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For several decades, market capitalisation-weighted indices, like the MSCI All Country World (ACWI) index or the S&P 500 index, have served as the foundation of a passive approach to investing. Many investors have long viewed these indices as an efficient way to gain broad exposure to a wide variety of equity markets. Yet today more advanced approaches to index construction may help improve on this traditional approach.
Defining factors and smart beta
A factor is a primary characteristic of a security that helps explain its behaviour over long periods. Factors have been studied for years by economists and finance theorists and some have been proven to be more rewarding than others. Foundational to factor investing is the definition of each factor – in other words the fundamental stock characteristics chosen to capture it. Depending upon the definition, two seemingly similar factors can deliver different results. For instance, the quality factor can be defined by applying different metrics, as we will later discuss.
Smart beta exchange-traded funds (ETFs) can allow investors to benefit from the many positive attributes of both traditional passive (ie, capitalisation-weighted) and active strategies. By redesigning a traditional index to tilt towards specific factors, a smart beta index can be actively designed to achieve a particular outcome. Delivered in an ETF, the smart beta product provides transparency and clarity into daily characteristics and holdings.
From very simple (single factor) to more complex (multi-factor) structures, investors use smart beta ETFs to seek a variety of outcomes, such as risk-adjusted returns or better performance. Our belief is that a multi-factor smart beta strategy focused on a combination of four factors – high quality, attractive value, strong momentum and low volatility – should lead to strong risk-adjusted returns over time.
European institutions increasingly adopting smart beta
Smart beta ETFs allow institutional investors to benefit from the effectiveness of factor investing. In fact, European institutions are leading the adoption of smart beta strategies when compared with North American or Asian investors, according to a recent survey from FTSE Russell1. In Europe, assets in smart beta ETFs have risen dramatically, with a compound annual growth rate of 45% per year since 2008, to reach a total of €42bn in assets under management, as highlighted in figure 1.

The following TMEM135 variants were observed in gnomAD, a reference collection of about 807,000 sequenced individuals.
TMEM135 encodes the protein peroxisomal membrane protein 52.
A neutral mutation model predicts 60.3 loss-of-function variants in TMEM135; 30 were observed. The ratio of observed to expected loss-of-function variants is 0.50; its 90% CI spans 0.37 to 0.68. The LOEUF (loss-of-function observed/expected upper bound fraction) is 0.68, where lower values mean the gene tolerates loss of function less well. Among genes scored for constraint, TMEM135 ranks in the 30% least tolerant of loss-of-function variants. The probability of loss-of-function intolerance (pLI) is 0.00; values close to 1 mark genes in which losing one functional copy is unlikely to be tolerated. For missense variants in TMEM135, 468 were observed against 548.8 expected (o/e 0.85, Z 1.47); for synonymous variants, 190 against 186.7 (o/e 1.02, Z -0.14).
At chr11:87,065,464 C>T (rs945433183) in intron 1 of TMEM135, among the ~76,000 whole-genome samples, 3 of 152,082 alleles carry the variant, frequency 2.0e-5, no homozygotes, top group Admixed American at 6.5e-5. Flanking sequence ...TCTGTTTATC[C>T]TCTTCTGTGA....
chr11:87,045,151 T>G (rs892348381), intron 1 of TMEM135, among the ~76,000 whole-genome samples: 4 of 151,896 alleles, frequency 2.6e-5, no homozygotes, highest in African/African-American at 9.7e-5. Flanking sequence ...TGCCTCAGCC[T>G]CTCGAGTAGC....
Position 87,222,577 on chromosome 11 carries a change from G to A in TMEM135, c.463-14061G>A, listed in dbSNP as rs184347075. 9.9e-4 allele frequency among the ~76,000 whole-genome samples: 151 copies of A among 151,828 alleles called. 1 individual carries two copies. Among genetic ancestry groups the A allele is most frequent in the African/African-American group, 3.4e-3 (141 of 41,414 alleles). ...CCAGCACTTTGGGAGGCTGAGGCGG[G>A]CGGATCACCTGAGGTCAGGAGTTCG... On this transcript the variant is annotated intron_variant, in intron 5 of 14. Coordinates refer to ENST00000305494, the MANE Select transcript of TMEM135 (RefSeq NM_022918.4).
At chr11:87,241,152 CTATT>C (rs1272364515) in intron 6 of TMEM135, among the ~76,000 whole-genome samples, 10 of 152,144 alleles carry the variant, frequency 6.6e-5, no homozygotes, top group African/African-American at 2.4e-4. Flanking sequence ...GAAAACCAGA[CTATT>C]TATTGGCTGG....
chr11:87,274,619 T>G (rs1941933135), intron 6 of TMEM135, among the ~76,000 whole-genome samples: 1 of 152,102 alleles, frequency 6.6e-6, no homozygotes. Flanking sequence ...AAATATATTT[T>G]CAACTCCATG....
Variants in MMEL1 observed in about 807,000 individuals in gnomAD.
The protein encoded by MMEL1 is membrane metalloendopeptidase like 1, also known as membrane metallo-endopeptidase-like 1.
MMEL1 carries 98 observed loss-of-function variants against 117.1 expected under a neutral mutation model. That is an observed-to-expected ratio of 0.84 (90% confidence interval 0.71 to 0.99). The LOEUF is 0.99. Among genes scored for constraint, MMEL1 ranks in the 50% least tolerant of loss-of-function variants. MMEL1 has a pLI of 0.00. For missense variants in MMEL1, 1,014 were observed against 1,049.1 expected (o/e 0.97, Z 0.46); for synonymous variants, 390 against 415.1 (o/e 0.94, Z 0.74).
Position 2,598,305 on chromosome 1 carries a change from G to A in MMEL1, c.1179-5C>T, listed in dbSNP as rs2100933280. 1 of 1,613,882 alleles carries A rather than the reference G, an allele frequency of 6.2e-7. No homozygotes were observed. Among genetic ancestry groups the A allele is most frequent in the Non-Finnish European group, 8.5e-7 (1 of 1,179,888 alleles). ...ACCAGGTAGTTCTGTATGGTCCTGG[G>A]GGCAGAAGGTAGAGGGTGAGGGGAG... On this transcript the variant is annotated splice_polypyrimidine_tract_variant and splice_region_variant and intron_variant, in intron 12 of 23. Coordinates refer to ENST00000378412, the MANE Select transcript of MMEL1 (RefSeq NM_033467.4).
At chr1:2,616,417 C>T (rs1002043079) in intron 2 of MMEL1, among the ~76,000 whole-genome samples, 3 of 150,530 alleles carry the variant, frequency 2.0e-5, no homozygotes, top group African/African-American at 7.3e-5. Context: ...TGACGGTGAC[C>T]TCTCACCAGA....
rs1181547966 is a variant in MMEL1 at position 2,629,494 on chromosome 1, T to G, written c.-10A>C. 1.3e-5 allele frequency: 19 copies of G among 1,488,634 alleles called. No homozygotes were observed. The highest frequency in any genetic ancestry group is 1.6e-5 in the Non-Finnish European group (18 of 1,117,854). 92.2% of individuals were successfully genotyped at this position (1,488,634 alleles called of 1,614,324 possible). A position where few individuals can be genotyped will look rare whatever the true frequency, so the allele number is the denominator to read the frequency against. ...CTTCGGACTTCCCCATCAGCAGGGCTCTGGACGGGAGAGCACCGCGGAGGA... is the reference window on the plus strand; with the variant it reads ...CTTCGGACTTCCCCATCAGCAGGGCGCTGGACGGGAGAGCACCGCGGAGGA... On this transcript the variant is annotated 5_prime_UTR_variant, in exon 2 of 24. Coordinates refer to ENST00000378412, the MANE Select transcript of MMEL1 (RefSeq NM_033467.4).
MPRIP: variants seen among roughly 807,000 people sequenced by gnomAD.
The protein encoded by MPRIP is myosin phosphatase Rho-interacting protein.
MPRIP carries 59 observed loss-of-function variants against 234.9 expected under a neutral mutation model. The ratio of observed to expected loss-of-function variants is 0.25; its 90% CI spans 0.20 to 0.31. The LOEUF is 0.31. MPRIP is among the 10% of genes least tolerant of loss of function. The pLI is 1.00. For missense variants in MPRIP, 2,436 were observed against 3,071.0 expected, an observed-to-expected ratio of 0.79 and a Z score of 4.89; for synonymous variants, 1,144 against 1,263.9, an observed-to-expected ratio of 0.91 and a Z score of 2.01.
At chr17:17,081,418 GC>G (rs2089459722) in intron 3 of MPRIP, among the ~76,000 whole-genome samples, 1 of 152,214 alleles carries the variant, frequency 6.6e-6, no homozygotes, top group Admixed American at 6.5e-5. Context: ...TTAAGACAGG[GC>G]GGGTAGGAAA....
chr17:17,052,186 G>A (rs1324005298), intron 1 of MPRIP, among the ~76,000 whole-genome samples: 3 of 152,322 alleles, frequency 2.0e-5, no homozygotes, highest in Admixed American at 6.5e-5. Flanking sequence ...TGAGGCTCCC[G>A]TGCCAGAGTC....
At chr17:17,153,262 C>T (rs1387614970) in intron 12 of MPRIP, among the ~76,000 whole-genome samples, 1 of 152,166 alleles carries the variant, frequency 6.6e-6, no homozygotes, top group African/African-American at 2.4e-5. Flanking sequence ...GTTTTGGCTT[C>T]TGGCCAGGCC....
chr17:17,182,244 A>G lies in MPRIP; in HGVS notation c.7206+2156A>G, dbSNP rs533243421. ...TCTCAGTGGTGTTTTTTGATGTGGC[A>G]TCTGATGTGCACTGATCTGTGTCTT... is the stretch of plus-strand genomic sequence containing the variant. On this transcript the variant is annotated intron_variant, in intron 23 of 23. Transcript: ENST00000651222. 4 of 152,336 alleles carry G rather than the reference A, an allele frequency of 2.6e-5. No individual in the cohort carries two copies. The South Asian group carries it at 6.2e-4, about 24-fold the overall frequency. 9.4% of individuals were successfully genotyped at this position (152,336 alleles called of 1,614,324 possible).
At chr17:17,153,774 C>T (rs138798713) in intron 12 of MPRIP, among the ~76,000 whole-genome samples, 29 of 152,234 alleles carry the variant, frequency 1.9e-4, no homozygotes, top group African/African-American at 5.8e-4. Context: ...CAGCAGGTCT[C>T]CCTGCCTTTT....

This rapid development may be explained by the unintended risks of investing in a market capitalisation-weighted index, such as concentrations in large-cap stocks and expensive stocks. These risks can be illustrated by two examples:
- Large-cap bias: the largest 2% of stocks in the MSCI ACWI index represent 26% of the benchmark’s market cap.
- Overvaluation bias: A market capitalisation-weighted benchmark gives a strong tilt towards overvalued stocks: the 10 largest stocks within the MSCI ACWI Index are 72% overvalued2.
These limitations can have a meaningful impact on investor outcomes, which is why we believe a different approach to index construction may better meet investor needs.
Single-factor or multi-factor ETFs?
Smart beta ETFs have evolved since the first single-factor ETFs appeared back in 2003. Investors today can choose from exposure to a single-factor or a multi-factor approach that combines factors in an equal or custom-weighted way (see figure 2). While all strategies offer their own merits, we believe that a multi-factor smart beta strategy with custom-factor weightings may provide improved long-term, risk-adjusted returns with better downside protection.
The importance of factor weights and factor measures
The quality, value, momentum and low-volatility factors each have the capacity to contribute positively to performance, but they tend to perform differently depending on market conditions. As we can see in figure 3, individual factor performance has varied considerably from year to year over the past decade as each factor has swung in and out of favour. Given this variability in performance, it may be difficult for investors to predict which factors would be in favour in a particular period. Even if such predictions were possible, frequently switching from factor to factor could increase an investor’s transaction costs; moreover, it would be time-consuming to execute. Given these considerations, investors may instead wish to consider combining factors into a single investment.
Franklin Templeton’s systematic modelling team has conducted proprietary research to identify a mix of factors that could serve as an attractive component for an investor’s core portfolio. As stated before, the definition of a given factor has a direct relation to its performance. We have therefore researched factor definitions and created a custom approach to factor measurement as we often find that smart beta strategies follow standard definitions.
In summary, our smart beta methodology focuses on both factor measures and factor weights.
Reconsidering factor definitions: custom measures